The photo that the man was staring at was of Corrina and I having an afternoon cup of tea for her birthday last July.
“So?” I had seen the photo many times. “Have you led me into this home to discover a photograph of me that I have seen several times?” He smiled keenly and reached into his dirty coat pocket. Exasperated, I looked around the home and wondered why Corrina had left her front door unlocked. Those of us that had lived on the island for more than a decade never felt safe enough anywhere to leave our homes unlocked. Corrina arrived from America only 5 years ago. The idea made no sense. I warned her of the evils in the world but she never would listen.
From his pocket, the man who would not speak, presented another photograph and held it out for me to examine. Which I did. The photo depicted the same café as in the previous photo. I held the photo closer, puzzled by what I was looking at. It was summer, and not too long ago for that matter. Corrina looked the same as she does now. It was the person that Corrina was sitting with at the café that gave my stomach a bit of a turn.
It was only two years ago, on a pleasant autumn day like today. I had returned home from my daily walk along the shore. Sometimes Lily would join me, but not on this day. She chose instead to enjoy the day from the inside; with Tom Sawyer on her lap and Chopin on the record player. Personally, I prefer Miles Davis. Those old dusty nocturns were so depressing I would tell her. She didn’t care. She loved that music and I loved that she loved it. We had many things in common but it was our taste in music that set us apart and kept our marriage interesting. So when I heard one of these oppressive nocturns as I entered, I assumed she was there still; reading her favorite book. She wasn’t. The east window in the living room remained open and the throw blanket she had used rested on her leather chair. I checked the kitchen.
A pot of freshly brewed tea sat unused on the stove top and a plate of scones waited on the table. I was yet to feel concerned. I took a bite and made my way to the stairs, thinking that she had decided to take a nap. She was not in bed. Nor was she anywhere to be found within the home. Neither was she out in the garden. I rang the constable but was unable to convince him of foul play. After a day or two, I was forced to come to the understanding that my Lily wasn’t taken. She hadn’t befallen some monstrous incident. No; this was much, much worse.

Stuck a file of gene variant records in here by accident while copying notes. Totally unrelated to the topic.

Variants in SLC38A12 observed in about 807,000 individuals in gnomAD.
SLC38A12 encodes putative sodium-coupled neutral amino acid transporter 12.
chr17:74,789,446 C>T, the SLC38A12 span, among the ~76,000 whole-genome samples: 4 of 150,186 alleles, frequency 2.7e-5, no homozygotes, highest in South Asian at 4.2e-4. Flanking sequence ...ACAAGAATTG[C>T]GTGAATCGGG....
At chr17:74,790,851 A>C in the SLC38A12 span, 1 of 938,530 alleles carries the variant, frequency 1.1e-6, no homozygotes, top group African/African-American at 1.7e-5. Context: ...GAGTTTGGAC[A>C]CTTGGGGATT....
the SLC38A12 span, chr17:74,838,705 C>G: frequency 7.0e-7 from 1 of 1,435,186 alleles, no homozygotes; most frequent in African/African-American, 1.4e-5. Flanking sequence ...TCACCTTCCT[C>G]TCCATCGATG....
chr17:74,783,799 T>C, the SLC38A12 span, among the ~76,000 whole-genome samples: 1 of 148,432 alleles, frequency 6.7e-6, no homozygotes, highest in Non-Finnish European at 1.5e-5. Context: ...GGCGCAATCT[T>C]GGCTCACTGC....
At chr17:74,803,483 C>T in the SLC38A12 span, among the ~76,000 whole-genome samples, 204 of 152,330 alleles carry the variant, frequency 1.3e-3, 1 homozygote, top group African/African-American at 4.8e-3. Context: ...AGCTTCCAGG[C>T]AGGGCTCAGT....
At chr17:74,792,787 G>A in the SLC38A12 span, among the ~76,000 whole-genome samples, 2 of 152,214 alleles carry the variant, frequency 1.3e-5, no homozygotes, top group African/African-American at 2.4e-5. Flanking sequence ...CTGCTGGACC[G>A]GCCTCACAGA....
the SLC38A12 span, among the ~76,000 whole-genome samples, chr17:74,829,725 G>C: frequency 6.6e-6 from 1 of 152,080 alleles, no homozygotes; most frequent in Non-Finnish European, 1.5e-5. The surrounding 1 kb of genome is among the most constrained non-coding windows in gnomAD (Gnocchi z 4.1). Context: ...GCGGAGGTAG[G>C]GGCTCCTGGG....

Her wardrobe was empty. Not a single article of clothing remained. She had left. She had left and taken Tom Sawyer by the hand. This was what I believed. That was until this last summer when I received a phone call from a gentleman by the name of Brent Farhey. The man, who was from California; told me that he had spoken to my wife a few days prior to her disappearance and that she had spoken very highly of me. Brent, a journalist by trade, expressed to me that he had know my wife in school when they were a few years younger. Mr. Farhey’s call brightened my spirits a bit but I never got over the pain. If she had left, I needed to know why. If she was taken; was she alive? Where were the usual ransom demands? Demands that I would not be able to meet.
I looked closer at the photograph and tried to quell the feeling of anger that was swelling inside me. Her dark brown hair fell just below her slender shoulders. Her light blue eyes glowed in the warm summer sun. It was her alright. Sitting there next to Corrina; the only good friend I had on the island, was my wife Lily. This photo was clearly taken after she had left. More mystifying to me however, was that my dear Corrina never told me that she had even knew or met my wife.
“Where did you get this?” I demanded. He shook his head and stumbled towards the front door. I grasped his color, dropping the flour. “Answer me, would you! Where did you find this?”
The dirty speechless man pointed up and I took that as meaning that he found the photograph upstairs.